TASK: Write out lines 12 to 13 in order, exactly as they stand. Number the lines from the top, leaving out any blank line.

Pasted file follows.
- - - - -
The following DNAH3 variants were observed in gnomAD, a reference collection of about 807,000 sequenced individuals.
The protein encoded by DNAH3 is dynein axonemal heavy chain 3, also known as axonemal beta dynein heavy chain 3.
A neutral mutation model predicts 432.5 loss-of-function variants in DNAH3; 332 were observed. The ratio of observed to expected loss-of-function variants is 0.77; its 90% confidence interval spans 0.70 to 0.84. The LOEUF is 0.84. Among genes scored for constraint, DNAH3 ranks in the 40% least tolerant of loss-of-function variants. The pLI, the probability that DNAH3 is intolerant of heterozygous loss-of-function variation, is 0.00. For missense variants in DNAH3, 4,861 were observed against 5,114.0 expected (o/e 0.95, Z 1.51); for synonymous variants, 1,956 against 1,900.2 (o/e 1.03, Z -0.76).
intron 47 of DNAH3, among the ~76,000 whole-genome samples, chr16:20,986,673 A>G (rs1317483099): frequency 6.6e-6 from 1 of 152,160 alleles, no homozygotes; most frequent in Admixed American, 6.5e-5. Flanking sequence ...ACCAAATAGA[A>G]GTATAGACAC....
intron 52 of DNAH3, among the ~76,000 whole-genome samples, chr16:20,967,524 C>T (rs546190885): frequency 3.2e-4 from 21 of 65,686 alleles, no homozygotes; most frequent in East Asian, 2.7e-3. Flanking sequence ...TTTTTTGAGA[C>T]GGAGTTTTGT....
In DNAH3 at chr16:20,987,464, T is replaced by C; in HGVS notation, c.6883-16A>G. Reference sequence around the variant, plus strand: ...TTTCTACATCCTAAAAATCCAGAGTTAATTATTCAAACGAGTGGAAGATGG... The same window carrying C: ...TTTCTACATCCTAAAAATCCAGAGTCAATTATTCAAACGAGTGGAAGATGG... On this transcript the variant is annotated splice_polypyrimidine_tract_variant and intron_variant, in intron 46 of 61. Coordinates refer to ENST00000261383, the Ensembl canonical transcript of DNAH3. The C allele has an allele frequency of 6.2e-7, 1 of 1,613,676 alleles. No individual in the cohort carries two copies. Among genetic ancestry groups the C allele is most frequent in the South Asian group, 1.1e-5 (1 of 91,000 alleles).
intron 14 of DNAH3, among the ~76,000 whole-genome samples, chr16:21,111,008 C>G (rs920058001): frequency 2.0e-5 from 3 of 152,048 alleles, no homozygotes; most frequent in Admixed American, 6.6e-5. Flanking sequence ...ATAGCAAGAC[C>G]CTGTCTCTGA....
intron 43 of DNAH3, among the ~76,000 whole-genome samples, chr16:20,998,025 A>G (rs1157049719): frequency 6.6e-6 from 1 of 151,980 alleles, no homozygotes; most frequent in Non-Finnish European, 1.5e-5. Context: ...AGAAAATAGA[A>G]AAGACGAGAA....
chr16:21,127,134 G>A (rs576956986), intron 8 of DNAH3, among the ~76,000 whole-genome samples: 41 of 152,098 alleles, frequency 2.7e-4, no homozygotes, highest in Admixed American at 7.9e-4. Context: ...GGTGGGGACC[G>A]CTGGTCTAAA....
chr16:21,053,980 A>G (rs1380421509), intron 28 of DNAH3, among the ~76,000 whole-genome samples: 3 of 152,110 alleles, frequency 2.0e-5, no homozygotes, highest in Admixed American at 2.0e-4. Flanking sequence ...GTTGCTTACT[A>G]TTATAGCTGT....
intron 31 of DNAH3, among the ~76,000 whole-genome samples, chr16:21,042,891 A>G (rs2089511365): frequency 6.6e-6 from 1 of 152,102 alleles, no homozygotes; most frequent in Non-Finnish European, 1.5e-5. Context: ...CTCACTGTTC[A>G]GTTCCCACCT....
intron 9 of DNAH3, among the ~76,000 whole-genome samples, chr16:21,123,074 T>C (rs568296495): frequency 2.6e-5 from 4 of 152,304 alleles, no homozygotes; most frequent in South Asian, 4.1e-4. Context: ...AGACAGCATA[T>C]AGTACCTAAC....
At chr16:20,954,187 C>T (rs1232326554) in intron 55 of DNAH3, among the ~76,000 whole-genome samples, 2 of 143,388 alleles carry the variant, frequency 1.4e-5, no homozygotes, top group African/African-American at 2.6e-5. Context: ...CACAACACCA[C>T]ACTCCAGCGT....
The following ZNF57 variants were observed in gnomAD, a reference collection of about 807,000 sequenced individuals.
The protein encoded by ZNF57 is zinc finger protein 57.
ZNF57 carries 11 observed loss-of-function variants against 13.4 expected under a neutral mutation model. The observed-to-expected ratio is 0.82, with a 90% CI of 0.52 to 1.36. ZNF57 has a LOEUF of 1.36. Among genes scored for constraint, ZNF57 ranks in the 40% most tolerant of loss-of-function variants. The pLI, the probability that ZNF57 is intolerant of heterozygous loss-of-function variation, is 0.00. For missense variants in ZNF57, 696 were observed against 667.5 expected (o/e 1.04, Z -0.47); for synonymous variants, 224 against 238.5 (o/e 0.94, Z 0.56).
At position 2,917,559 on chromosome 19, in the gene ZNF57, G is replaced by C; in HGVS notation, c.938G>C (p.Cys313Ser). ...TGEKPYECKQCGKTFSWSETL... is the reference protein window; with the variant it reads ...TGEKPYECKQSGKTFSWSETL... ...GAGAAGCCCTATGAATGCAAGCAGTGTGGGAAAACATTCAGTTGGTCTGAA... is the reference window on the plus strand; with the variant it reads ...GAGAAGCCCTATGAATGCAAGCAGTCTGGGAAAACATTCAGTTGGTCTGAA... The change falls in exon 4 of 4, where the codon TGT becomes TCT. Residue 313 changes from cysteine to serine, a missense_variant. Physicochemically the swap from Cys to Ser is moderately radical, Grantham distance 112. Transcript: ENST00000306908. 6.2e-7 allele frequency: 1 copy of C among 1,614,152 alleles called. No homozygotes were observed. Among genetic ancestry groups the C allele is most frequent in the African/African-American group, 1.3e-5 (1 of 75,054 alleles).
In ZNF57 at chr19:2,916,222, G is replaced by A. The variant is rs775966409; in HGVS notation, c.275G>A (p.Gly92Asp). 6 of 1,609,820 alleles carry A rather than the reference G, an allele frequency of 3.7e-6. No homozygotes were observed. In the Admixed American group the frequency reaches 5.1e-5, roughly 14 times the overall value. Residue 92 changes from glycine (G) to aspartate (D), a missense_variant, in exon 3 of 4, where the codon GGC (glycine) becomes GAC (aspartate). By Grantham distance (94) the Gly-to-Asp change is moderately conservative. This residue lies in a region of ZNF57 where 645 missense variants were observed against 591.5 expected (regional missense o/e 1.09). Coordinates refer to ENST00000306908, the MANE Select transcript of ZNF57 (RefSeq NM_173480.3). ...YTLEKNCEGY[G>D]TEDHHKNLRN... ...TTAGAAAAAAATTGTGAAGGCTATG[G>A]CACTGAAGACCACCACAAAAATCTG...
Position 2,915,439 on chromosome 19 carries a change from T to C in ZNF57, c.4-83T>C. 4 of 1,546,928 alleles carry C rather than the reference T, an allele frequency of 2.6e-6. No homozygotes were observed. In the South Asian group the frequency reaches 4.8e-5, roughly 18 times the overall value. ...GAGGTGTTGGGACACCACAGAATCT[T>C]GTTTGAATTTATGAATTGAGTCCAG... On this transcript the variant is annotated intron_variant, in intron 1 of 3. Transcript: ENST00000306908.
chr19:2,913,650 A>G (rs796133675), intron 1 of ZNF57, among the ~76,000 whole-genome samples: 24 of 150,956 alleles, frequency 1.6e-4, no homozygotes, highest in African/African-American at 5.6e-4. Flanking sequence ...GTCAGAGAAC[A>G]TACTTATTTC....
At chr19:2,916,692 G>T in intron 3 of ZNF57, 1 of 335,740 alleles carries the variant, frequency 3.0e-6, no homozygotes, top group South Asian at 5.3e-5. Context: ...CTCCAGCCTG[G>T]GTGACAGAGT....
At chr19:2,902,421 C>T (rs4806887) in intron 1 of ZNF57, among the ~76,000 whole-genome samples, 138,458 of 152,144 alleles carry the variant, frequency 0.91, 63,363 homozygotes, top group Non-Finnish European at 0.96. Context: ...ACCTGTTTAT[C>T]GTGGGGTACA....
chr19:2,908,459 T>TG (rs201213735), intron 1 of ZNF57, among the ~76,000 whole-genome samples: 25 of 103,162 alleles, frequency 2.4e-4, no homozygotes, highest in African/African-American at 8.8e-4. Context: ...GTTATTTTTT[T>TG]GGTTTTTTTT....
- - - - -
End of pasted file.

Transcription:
intron 9 of DNAH3, among the ~76,000 whole-genome samples, chr16:21,123,074 T>C (rs568296495): frequency 2.6e-5 from 4 of 152,304 alleles, no homozygotes; most frequent in South Asian, 4.1e-4. Context: ...AGACAGCATA[T>C]AGTACCTAAC....
At chr16:20,954,187 C>T (rs1232326554) in intron 55 of DNAH3, among the ~76,000 whole-genome samples, 2 of 143,388 alleles carry the variant, frequency 1.4e-5, no homozygotes, top group African/African-American at 2.6e-5. Context: ...CACAACACCA[C>T]ACTCCAGCGT....